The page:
Paseo Colón – Located west of the downtown area, it consists of many restaurants and a variety of smaller hotels. There is also a nice shopping and eating area (blocked off to vehicle traffic) between Calle 2 and Calle 5.

Parque La Sabana – Like New York’s Central Park, this is San José’s version. It is located west of Paseo Colón and there is plenty of space. In fact, it was once the location of the city’s international airport before it moved to the much larger one near Alajuela. It is a great space for biking and jogging or just sitting on the grass next to the lake and listening to the city’s noise swirl around you. It also the home of the National Stadium, and The Costa Rica Art Museum, also known as the Museo de Arte Costarricense.

Barrios Amón – Located northeast of Avenida 5 and Calle 1, it is one of the few remaining colonial districts in the city. The Spanish colonial structures include many that date back to the 1800s. It can be a convenient and relatively peaceful stay if you book one of the beautiful boutique hotels there, which are all walking distance to a number of restaurants. These characteristics make the neighborhood popular with both travelers and expatriates.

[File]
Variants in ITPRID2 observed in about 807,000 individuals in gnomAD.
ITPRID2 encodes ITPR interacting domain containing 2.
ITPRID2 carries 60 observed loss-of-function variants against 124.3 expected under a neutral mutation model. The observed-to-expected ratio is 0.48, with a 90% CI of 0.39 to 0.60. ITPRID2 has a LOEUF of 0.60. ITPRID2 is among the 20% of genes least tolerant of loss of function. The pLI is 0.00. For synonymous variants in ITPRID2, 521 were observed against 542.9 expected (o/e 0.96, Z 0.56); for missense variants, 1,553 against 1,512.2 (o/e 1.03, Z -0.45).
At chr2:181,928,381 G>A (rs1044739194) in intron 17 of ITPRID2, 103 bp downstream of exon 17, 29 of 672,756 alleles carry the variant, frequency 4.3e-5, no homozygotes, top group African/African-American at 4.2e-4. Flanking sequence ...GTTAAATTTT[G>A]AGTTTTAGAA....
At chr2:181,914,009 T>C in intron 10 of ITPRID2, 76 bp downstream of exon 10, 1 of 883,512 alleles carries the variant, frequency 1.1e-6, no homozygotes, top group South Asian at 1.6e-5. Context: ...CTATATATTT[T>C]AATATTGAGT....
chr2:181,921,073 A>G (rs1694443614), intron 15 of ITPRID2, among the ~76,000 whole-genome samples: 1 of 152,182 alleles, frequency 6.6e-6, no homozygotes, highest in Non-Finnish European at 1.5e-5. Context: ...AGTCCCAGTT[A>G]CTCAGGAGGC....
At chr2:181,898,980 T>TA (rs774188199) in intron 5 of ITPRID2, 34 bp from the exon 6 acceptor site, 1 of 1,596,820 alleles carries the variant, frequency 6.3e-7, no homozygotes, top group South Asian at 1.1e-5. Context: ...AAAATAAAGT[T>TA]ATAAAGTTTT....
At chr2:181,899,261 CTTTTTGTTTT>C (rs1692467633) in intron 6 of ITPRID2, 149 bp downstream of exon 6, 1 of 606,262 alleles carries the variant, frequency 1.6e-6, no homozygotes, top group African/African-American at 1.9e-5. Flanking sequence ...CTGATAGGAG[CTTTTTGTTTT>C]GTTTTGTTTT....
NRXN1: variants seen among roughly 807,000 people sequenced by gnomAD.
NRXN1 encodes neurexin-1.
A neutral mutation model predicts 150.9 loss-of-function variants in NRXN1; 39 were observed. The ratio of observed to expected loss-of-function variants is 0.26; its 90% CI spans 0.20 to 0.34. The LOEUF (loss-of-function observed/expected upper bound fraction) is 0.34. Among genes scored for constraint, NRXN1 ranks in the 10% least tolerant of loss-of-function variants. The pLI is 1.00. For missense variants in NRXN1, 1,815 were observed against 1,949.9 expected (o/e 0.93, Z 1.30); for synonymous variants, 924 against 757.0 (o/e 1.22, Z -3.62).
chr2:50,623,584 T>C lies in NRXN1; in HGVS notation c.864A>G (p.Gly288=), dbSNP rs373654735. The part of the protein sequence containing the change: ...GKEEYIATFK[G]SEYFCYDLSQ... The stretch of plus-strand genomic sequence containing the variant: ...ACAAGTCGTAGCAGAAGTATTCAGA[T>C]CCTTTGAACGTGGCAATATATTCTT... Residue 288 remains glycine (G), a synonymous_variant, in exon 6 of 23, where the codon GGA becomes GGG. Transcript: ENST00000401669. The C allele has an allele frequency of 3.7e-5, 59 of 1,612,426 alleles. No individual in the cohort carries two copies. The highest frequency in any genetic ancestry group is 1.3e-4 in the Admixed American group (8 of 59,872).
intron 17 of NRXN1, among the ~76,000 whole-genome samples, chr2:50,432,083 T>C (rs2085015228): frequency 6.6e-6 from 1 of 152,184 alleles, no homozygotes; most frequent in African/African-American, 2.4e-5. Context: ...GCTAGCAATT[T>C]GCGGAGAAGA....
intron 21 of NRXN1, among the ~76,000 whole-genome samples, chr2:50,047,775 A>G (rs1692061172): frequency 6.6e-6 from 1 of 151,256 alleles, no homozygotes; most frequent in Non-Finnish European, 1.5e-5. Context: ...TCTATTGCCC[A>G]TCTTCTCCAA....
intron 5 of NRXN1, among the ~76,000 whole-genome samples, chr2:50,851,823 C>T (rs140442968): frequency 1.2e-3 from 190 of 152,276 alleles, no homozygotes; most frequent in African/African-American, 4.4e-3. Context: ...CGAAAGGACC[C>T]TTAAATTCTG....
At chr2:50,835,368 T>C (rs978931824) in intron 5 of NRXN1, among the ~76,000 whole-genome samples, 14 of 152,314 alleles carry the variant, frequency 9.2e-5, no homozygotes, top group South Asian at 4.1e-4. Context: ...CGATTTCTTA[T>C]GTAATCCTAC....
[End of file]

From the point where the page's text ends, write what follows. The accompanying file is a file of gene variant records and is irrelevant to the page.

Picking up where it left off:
San Pedro – This neighborhood, located east of downtown, is home to the University of Costa Rica and some of the city’s best nightlife. This naturally comes from the many college-oriented restaurants, bars and clubs. From downtown, you can easily catch a bus from the Avenida Central near Calle 9. The buses leave every 10 minutes, so don’t worry about schedules. The neighborhood’s main area is the Avenida Central, which includes most of the best restaurants and shopping at the Mall San Pedro (seen to the left).

Escazú and Santa Ana – These two nice neighborhoods are located in the hills west of San José. In addition to the views, it includes a relatively large expatriate community and smaller bed-and-breakfast accommodations that are just wonderful. 

For more information about the city’s main attractions within these neighborhoods, read my post: Visitor Attractions in San José, Costa Rica.